There are a few dishes that only come around this time of year, the most famous being CHILES EN NOGADA.
Chile en Nogada means chilie in a walnut sauce and that is precisely what it is, a poblano pepper bathed in a sauce made from walnuts then sprinkled with pomegranate seeds. The idea is for it to have the colors of the flag. This dish is said to be made by a group of nuns in Puebla Mexico for Agustin de Iturbide, Emperor of Mexico from 1822 to 1823. After Mexico won its independence from Spain in 1821 de Iturbide signed the Treaty of Cordoba in Varacruz and then made his way back to Mexico City. He stopped in Puebla, about an hr south of the capital, and chile en nogada was born.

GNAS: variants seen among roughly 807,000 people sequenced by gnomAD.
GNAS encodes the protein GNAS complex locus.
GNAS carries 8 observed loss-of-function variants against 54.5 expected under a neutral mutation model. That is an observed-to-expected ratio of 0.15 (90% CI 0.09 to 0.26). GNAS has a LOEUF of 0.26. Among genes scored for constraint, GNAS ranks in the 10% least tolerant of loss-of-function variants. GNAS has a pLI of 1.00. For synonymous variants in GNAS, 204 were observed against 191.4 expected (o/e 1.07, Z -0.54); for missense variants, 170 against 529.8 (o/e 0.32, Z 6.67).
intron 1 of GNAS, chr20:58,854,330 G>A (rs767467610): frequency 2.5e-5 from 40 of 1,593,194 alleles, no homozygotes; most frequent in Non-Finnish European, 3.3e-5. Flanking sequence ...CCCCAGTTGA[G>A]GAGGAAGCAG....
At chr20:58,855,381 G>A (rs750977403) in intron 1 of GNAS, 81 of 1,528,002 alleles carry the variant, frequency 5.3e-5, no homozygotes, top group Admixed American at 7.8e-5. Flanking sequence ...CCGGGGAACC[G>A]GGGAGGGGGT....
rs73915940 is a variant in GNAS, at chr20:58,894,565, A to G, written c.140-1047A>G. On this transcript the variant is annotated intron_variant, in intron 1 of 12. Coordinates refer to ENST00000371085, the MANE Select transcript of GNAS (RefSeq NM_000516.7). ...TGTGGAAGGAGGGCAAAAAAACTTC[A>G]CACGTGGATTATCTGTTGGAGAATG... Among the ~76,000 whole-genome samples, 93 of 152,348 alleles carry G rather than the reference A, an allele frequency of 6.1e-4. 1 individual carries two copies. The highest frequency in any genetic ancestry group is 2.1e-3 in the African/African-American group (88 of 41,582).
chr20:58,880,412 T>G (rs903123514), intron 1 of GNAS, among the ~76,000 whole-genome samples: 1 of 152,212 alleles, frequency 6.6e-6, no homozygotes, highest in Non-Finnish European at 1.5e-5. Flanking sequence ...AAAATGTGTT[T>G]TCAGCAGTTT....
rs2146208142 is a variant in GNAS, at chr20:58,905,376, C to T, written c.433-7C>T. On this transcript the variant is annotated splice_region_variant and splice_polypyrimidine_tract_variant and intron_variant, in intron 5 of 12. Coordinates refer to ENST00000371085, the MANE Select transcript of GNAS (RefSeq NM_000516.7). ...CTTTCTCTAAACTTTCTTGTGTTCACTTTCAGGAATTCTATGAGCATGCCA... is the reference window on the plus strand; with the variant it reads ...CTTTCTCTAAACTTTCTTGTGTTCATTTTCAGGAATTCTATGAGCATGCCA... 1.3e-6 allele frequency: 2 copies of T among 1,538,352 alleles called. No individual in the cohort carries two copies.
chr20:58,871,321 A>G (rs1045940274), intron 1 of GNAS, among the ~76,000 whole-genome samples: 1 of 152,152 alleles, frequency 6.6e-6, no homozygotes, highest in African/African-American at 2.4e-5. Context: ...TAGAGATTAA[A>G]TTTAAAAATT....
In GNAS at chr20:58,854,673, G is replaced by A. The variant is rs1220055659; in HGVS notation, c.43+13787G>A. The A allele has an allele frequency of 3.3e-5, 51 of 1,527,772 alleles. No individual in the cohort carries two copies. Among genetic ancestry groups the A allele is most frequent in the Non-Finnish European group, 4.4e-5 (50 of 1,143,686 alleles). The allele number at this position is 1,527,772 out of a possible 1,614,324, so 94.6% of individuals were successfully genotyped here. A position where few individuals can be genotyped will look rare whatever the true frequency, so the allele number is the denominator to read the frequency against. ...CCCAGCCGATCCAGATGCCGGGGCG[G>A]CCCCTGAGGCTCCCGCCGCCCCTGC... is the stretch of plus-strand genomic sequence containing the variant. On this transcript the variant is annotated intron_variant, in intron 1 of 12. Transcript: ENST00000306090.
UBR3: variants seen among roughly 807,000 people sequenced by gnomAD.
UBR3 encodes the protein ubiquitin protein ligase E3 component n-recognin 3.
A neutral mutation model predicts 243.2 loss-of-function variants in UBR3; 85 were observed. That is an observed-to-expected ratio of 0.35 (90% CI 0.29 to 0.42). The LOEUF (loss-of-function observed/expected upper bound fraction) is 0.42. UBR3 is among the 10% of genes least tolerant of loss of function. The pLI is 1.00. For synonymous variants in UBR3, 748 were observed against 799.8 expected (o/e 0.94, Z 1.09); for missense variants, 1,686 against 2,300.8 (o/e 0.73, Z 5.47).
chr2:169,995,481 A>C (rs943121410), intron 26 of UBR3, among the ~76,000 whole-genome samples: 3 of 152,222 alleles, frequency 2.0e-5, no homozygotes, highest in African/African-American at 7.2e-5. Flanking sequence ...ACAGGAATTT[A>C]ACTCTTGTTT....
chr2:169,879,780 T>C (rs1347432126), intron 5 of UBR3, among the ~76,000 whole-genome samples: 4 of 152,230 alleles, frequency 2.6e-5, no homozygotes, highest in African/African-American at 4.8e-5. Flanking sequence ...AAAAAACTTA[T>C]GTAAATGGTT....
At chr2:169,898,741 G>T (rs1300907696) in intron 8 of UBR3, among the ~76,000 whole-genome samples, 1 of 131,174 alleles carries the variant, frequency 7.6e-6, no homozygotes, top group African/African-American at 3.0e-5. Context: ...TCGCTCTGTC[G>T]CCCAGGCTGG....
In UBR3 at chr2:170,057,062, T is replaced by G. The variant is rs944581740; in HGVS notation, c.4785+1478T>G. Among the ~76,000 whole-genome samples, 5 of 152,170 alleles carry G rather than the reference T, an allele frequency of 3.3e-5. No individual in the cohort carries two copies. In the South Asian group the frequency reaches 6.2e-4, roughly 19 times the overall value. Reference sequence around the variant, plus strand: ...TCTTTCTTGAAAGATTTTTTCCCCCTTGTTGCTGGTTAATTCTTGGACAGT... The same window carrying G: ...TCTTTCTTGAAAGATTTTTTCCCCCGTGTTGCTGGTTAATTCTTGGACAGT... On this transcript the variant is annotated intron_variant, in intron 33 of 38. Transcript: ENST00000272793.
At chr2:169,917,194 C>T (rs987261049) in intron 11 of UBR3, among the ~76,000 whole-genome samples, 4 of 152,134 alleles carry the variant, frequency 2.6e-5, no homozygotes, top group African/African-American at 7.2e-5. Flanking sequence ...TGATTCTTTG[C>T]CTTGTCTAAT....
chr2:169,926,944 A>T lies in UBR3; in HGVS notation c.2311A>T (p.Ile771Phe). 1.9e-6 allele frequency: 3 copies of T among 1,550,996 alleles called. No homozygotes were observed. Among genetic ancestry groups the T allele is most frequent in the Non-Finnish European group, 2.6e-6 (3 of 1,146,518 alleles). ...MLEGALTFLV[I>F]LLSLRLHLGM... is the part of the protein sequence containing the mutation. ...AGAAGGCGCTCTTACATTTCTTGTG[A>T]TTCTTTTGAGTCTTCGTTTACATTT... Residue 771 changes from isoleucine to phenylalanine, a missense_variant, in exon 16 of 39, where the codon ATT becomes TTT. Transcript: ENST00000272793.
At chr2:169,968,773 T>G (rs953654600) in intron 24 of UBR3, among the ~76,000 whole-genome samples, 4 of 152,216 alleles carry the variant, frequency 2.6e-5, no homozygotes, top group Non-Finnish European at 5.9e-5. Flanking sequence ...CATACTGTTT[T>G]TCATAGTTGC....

It can only be made in the months of August and September because it is when the pomegranates are in season and the walnuts are prime for making the sauce. Since the dish represents the colors of the flag and is made during the time of Mexico's Independence it is considered a very patriotic dish.
You can find this dish all over the city during this time. Simply drive around and look for the signs. Also, it is well worth the traffic to visit The Plaza Mayor or El Zocalo to see the lights and decorations.